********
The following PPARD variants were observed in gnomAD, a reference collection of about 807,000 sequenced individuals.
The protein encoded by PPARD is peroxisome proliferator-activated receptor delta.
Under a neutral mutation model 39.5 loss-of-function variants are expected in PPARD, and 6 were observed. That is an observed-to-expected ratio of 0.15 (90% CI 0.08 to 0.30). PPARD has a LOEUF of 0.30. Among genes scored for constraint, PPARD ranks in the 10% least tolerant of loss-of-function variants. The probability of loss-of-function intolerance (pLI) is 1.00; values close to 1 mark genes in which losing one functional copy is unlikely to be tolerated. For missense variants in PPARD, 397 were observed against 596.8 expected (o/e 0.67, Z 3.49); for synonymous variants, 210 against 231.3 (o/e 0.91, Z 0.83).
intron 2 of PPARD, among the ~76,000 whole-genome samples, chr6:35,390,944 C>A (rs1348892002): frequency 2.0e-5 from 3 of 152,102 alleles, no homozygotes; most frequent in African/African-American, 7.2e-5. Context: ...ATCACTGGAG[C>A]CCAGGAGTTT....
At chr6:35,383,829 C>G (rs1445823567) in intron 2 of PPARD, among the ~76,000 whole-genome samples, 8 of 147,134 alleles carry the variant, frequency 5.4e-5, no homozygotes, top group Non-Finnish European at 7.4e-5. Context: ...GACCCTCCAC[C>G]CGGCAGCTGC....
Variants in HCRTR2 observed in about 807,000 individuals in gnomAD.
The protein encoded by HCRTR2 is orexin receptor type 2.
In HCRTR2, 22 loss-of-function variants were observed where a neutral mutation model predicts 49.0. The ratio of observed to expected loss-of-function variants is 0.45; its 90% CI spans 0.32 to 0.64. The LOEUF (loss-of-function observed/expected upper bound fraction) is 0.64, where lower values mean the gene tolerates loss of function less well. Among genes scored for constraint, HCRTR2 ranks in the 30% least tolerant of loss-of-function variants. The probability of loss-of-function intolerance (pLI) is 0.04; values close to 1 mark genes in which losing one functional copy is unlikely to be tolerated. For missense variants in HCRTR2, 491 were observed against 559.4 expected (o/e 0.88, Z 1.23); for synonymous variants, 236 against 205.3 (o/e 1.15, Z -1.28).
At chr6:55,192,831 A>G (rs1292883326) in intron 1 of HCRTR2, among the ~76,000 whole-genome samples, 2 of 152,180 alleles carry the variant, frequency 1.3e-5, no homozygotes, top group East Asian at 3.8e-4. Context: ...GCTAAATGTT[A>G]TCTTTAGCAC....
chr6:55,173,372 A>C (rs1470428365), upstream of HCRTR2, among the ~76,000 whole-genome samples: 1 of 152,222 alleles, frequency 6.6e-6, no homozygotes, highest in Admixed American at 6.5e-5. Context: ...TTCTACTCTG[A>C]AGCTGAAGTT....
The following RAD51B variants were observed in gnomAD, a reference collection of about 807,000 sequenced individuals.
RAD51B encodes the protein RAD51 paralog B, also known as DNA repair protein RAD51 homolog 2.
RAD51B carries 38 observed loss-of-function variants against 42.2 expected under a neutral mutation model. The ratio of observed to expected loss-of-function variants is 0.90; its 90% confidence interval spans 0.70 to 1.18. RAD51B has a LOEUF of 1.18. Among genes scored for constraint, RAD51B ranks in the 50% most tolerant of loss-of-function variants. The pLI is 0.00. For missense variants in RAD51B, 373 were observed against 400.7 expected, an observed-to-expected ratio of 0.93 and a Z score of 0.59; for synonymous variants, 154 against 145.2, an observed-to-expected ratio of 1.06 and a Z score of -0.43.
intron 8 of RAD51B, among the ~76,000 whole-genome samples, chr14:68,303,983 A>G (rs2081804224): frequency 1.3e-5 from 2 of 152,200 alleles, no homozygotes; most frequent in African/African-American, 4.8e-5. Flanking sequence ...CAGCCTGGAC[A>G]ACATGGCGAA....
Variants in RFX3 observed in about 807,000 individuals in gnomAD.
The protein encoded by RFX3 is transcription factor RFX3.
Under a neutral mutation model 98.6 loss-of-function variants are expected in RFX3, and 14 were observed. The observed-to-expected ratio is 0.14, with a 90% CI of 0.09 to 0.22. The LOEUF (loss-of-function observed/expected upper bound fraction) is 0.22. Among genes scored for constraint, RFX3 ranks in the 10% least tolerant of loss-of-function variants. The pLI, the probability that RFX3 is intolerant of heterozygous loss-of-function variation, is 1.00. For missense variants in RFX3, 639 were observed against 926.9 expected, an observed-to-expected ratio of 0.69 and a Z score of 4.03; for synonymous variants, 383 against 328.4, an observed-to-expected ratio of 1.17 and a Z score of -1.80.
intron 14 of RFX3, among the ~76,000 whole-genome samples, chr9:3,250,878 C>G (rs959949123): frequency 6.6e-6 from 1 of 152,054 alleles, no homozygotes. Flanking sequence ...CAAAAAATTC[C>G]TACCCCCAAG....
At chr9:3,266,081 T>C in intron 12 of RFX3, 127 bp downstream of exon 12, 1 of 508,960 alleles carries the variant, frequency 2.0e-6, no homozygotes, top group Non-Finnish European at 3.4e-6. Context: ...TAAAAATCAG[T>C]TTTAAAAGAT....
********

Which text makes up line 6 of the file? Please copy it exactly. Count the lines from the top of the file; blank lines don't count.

Variants in HCRTR2 observed in about 807,000 individuals in gnomAD.